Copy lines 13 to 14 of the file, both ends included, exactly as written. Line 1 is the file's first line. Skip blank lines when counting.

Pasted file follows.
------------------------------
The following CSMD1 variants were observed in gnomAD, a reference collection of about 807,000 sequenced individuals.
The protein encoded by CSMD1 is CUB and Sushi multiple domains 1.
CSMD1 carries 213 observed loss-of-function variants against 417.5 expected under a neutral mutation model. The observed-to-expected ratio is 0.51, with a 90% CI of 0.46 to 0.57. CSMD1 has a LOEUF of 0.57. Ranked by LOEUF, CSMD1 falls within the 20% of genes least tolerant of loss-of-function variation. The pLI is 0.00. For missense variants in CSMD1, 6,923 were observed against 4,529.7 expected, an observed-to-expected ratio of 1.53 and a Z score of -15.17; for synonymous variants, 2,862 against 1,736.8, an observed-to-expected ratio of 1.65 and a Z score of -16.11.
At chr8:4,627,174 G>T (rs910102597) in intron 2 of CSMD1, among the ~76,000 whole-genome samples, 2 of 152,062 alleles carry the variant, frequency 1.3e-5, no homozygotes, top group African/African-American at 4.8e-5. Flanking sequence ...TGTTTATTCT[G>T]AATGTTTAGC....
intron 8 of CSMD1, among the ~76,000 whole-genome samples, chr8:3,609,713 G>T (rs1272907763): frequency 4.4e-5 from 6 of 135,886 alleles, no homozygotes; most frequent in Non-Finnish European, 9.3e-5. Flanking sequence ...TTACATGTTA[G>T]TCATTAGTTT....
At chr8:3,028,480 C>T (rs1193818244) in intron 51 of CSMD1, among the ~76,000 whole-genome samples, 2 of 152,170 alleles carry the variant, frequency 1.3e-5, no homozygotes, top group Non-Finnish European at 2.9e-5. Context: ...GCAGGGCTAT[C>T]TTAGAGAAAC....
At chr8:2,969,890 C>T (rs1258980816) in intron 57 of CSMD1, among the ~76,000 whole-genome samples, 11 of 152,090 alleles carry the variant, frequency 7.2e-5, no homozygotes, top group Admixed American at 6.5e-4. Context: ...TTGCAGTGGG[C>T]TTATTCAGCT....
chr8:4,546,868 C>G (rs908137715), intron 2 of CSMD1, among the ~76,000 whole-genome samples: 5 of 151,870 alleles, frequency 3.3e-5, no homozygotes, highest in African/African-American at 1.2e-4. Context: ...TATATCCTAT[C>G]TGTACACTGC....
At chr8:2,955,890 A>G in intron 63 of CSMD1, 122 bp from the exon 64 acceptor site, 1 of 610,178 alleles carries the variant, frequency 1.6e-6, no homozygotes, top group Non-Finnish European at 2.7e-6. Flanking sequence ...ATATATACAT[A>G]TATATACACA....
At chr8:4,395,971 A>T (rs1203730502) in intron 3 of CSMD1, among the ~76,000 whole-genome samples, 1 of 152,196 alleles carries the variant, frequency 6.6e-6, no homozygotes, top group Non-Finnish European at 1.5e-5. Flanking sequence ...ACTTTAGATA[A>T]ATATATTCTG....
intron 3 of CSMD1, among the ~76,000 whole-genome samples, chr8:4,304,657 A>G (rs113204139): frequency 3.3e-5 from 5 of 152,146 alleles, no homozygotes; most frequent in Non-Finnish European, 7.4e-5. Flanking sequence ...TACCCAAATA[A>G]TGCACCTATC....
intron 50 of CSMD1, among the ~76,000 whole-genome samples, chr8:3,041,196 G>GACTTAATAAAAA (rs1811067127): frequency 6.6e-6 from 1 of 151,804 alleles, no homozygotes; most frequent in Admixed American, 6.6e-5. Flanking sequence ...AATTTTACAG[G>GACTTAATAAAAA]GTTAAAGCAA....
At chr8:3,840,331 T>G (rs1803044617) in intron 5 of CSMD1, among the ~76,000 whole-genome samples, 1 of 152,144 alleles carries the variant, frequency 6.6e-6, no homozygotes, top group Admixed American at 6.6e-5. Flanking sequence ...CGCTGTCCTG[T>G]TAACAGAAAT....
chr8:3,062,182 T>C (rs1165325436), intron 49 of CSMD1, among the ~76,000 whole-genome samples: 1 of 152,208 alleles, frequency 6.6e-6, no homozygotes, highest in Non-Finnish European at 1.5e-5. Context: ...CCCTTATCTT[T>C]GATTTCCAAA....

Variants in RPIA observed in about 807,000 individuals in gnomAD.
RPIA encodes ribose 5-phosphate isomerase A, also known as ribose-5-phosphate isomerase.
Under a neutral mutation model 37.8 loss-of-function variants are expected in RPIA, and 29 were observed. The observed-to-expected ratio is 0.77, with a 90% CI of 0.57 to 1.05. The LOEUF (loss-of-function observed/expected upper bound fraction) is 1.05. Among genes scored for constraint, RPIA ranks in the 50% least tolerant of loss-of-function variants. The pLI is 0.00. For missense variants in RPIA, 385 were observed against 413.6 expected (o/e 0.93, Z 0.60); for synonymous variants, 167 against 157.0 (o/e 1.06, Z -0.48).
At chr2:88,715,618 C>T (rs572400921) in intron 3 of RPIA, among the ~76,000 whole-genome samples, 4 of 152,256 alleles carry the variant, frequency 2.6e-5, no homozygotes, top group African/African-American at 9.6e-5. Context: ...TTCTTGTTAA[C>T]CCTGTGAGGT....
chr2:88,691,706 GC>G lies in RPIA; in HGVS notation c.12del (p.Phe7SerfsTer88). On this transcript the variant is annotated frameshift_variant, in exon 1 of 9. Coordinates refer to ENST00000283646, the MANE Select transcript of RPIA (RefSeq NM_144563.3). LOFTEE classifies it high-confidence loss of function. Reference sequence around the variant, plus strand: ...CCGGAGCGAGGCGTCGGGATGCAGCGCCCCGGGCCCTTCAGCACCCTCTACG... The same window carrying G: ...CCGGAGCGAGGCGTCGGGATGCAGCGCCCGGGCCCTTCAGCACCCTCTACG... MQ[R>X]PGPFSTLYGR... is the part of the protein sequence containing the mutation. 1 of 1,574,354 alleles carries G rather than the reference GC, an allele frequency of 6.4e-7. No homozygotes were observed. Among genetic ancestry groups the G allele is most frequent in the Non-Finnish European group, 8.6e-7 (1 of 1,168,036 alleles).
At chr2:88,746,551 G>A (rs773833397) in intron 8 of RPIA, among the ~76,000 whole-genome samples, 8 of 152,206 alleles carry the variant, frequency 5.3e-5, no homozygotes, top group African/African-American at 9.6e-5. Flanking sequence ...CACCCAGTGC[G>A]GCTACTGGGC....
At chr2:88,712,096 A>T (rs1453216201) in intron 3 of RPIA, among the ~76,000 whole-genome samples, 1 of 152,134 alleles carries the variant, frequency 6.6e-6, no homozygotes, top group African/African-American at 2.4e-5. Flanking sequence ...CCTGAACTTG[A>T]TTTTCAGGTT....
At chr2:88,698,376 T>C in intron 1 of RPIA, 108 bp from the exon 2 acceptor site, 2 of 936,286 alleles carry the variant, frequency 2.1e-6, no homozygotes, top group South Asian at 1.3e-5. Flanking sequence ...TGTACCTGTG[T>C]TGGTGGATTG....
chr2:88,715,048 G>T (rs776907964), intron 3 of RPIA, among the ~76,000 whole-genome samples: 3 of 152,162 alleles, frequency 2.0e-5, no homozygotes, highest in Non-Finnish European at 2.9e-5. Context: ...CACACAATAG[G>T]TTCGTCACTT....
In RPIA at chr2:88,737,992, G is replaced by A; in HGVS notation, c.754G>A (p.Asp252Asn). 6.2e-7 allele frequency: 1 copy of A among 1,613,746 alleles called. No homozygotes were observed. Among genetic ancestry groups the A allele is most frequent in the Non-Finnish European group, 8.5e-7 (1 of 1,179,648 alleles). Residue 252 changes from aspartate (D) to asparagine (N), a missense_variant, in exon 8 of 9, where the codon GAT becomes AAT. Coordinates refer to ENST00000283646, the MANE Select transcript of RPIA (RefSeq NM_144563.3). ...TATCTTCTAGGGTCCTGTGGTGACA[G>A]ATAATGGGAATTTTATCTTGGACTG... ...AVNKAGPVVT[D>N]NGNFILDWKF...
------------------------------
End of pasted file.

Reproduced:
At chr8:3,840,331 T>G (rs1803044617) in intron 5 of CSMD1, among the ~76,000 whole-genome samples, 1 of 152,144 alleles carries the variant, frequency 6.6e-6, no homozygotes, top group Admixed American at 6.6e-5. Flanking sequence ...CGCTGTCCTG[T>G]TAACAGAAAT....
chr8:3,062,182 T>C (rs1165325436), intron 49 of CSMD1, among the ~76,000 whole-genome samples: 1 of 152,208 alleles, frequency 6.6e-6, no homozygotes, highest in Non-Finnish European at 1.5e-5. Context: ...CCCTTATCTT[T>C]GATTTCCAAA....